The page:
acceptance

I looked for quite a while to find a quote on acceptance to fit this week’s Motivation Mondays post.  When I saw this one, I realized it fit right in with something else I’ve been wanting to write about.

Accept what you can’t change–change what you can’t accept.

I have mentioned before that I came to my career as an educator through Teach for America.  It’s an organization that has given me so much–a career I never thought I wanted, wonderful friends and colleagues, and a purpose and direction in my life.  I wouldn’t have become an educator without TFA.  My wife and I have both worked for them–summer training staff for both of us, full-time staff member as well for me.  College started me on the path to where I am now, but TFA cemented the bricks into place on the road.

Teach for America has been taking a lot of criticism lately, both from outside groups like United Students Against Sweatshops and from members of its own alumni network. All of the criticism beats a familiar refrain:  Not enough training.  Supporting charters instead of public schools.  Using it as a stepping stone.  Teachers don’t stay.  On and on and on.

When I listened to this story on NPR on my drive to work this morning, I knew I wanted to write something in response, even if here on my blog where no one likely reads it.

I can’t speak to everyone’s experience with Teach for America.  Teachers are placed all over the country, and schools and districts across the nation vary widely when it comes to hiring and policy of all types, including in their work with TFA.  What I do know is MY experience.

I joined Teach for America with very little idea of what to expect, just a vague idea of “making a difference.”  Four days after my college graduation, my dad and I drove my beat-up Mazda 1200 miles to the Rio Grande Valley of south Texas.  I knew nothing about south Texas.  I knew nothing about teaching.  I knew very little Spanish.

rgvmap

A week of regional “induction” in the Rio Grande Valley introduced me to the people, culture and heritage of a part of the country I had previously known next to nothing about.  I learned about its history as a borderland and about the colonias where many of my soon-to-be students lived.  I spoke to teachers who were currently teaching with TFA in schools in the region–I heard about their struggles and their genuine love for their students.  I was shocked and awed and inspired by what I learned and experienced.  I became dedicated to this place that would become my home.

Then it was off to Houston for five weeks at Teach for America’s summer training institute.  I taught remedial English Language Arts to 15 8th graders.  I experienced my first classroom fight.  I encountered students who seemed determined not to learn–until I realized they were actually desperate to pass on to high school, and terrified they wouldn’t, and holding back because of it.  They had experienced too much failure before to trust me now.

I learned how to earn their trust.  Just as I learned how to earn the trust of the 118 6th graders I had in my first class at Grulla Middle School.  (Note:  In 2004, no one in my regional corps was placed at a charter school.  Today, my rough estimate is that maybe 1/3–possibly less–of Rio Grande Valley corps members are placed in charter schools.  The majority work in traditional public schools.)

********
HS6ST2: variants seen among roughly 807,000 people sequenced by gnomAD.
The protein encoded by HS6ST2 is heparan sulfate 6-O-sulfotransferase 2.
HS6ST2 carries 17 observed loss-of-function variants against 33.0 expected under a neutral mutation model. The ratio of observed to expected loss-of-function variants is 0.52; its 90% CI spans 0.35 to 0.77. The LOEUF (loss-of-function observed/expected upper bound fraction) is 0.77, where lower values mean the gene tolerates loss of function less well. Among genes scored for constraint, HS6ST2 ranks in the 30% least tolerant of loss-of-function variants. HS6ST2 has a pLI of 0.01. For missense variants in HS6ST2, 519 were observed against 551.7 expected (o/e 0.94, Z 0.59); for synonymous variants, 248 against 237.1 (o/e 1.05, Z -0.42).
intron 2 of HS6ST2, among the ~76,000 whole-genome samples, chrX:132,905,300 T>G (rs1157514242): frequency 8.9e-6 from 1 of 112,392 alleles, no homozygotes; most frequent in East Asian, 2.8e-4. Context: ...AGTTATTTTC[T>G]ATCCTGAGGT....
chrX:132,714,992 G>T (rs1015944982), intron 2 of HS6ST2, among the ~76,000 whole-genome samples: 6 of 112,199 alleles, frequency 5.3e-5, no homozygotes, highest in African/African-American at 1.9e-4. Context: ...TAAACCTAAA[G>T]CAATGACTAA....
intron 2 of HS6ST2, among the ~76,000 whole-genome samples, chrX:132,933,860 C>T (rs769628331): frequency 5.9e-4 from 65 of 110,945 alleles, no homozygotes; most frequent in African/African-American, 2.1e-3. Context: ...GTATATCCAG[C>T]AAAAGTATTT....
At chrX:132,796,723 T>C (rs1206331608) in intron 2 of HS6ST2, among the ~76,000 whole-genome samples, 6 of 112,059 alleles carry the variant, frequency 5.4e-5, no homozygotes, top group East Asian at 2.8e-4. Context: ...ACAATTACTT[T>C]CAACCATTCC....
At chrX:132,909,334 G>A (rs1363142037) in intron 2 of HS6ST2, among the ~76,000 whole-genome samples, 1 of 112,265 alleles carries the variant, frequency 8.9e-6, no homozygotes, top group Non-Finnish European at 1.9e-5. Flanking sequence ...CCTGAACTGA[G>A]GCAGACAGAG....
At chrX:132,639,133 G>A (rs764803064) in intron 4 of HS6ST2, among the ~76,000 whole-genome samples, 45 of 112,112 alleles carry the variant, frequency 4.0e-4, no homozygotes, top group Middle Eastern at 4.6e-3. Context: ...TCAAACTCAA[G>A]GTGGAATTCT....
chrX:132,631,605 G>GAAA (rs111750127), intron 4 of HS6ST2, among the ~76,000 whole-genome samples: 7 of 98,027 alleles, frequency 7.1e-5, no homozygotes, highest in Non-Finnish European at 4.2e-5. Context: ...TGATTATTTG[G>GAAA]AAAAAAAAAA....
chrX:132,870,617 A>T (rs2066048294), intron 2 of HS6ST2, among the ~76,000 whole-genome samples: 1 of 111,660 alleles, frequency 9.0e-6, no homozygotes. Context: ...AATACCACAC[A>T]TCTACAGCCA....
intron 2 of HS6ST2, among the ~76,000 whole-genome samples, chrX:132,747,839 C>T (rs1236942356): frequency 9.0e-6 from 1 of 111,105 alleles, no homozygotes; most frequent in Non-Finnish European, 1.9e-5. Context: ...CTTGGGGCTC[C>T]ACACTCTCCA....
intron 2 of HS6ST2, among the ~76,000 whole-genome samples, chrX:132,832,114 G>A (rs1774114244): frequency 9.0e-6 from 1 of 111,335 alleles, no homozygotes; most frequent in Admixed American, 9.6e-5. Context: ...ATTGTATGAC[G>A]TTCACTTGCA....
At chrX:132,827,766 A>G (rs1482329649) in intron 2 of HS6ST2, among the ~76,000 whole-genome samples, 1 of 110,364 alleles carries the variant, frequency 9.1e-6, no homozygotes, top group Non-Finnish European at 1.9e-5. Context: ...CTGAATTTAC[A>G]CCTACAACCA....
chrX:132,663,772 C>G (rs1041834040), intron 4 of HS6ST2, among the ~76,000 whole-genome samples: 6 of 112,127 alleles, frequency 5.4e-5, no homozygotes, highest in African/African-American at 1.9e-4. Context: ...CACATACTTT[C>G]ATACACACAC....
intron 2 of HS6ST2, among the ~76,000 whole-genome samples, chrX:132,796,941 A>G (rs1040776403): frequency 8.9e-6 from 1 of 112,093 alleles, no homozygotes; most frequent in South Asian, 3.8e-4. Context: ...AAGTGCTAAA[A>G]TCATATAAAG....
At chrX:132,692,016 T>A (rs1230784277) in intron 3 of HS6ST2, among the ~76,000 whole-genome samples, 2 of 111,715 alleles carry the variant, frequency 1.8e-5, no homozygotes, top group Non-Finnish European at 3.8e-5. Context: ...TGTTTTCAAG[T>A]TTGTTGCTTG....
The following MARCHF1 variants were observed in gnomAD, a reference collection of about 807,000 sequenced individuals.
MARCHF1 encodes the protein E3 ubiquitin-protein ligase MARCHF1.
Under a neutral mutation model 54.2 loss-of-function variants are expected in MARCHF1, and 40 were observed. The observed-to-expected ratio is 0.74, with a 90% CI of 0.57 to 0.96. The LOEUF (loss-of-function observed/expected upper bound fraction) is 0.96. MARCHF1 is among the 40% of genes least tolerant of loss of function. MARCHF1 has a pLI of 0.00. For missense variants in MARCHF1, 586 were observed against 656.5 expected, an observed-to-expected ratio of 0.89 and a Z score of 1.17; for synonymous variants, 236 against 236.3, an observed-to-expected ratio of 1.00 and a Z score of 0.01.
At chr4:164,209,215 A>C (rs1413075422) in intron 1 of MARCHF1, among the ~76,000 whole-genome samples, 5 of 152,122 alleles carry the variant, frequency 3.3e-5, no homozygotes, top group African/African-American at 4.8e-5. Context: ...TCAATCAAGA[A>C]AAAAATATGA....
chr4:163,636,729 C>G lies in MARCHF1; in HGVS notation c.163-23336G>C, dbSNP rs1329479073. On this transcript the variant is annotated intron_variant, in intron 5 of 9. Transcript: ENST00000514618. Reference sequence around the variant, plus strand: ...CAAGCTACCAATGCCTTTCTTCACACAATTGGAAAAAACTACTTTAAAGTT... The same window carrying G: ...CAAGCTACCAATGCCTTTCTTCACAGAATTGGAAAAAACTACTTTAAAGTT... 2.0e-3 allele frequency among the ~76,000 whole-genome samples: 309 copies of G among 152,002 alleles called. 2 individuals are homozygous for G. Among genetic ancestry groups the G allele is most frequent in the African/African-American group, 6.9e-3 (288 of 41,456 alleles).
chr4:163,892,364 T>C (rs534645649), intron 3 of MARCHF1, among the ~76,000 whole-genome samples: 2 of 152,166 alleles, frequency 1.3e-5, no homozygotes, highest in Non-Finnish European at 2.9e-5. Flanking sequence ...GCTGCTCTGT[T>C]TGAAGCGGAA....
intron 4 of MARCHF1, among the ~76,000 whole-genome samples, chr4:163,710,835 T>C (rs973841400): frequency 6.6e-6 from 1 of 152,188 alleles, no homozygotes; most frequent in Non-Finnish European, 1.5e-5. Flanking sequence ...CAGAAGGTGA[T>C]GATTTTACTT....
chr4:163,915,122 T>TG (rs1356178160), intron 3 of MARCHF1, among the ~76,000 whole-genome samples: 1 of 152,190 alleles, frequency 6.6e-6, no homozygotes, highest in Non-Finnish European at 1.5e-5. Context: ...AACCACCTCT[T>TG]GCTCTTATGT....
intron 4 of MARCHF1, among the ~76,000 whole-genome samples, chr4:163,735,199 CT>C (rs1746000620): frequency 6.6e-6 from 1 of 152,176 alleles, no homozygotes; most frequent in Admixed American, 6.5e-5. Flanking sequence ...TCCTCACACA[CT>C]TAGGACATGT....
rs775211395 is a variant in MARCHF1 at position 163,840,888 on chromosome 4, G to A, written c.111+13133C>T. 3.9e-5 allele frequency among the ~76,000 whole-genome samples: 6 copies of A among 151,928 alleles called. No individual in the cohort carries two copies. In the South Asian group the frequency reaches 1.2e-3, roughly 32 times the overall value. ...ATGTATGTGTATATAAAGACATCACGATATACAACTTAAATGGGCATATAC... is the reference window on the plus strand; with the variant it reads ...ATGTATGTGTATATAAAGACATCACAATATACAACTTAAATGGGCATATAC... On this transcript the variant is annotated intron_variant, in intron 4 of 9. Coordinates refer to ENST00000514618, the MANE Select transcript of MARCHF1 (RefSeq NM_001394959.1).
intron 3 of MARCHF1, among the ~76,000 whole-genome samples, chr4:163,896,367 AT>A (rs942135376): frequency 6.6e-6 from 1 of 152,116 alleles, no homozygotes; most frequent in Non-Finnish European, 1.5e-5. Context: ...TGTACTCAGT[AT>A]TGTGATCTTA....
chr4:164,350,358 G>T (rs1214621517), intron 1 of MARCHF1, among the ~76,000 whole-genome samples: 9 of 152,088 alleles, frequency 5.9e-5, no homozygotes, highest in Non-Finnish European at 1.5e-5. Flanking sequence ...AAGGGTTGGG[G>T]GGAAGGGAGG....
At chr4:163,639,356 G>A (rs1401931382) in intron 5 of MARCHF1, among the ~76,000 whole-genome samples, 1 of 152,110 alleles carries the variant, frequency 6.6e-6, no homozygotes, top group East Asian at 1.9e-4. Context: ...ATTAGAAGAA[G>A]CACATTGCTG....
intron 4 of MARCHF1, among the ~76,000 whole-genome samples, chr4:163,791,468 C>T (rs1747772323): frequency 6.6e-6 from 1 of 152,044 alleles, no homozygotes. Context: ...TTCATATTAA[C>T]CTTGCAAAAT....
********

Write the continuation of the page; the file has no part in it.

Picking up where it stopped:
I was not a good teacher my first year.  I was a slightly-better-but-still-not-very-good teacher my 2nd year.  But I stayed.

I stayed.  As did a huge percentage of my corps.

Ahem.  At any rate, I began to slowly get better.  You see, TFA’s training doesn’t end with the 5-week Institute in Houston.  It continues over the two-year teaching commitment and, for the willing, can extend to your work as an alum.  Every year I stayed, I got support, I got training.

And I got better.

I’m still in touch with many of the students I taught during my last couple of years in the Valley, the years when I feel like I really hit my stride as a teacher.  Some of them are seniors–and the college acceptances are pouring in.

And though I’ve moved on, I’m still working in a school.  I’m still trying to better the lives of low-income students.  And I will always be their life-long advocate.

Accept what you can’t change.

Teach for America as an organization, from my perspective, is 1000% dedicated to its mission.  It isn’t going to just “fold” and go away.  It isn’t going to back down from its critics.  It’s going to keep sending teachers where they are most needed.  Some of them will leave after two years.  Some of them will stay for a lifetime.  Many will fall somewhere in between.

They will all go above and beyond for their students.

Critics of TFA need to realize they will achieve far more towards the common goal of educational equity in this country by working with Teach for America as it exists now, rather than railing against it from the outside–and from what I’ve seen, not taking much action to improve education on their own.

Change what you can’t accept.

I can’t accept that ZIP code determines your education prognosis in this country.  Neither can TFA.  And they are working to change that.  They’re very willing to work with their critics to do it.

No organization I’ve ever been a part of takes feedback more seriously than Teach for America.  They are making, and I’m sure will continue to make, changes in response to the criticism they’ve received.

One day, all children.

That’s the rallying cry for TFA staff, corps members and alumni–the first four words of TFA’s mission statement.  Maybe it’s just that I’m a big picture person, but that vision is worth the work that Teach for America is doing now–and will continue to do in the future.

They–we–won’t accept defeat.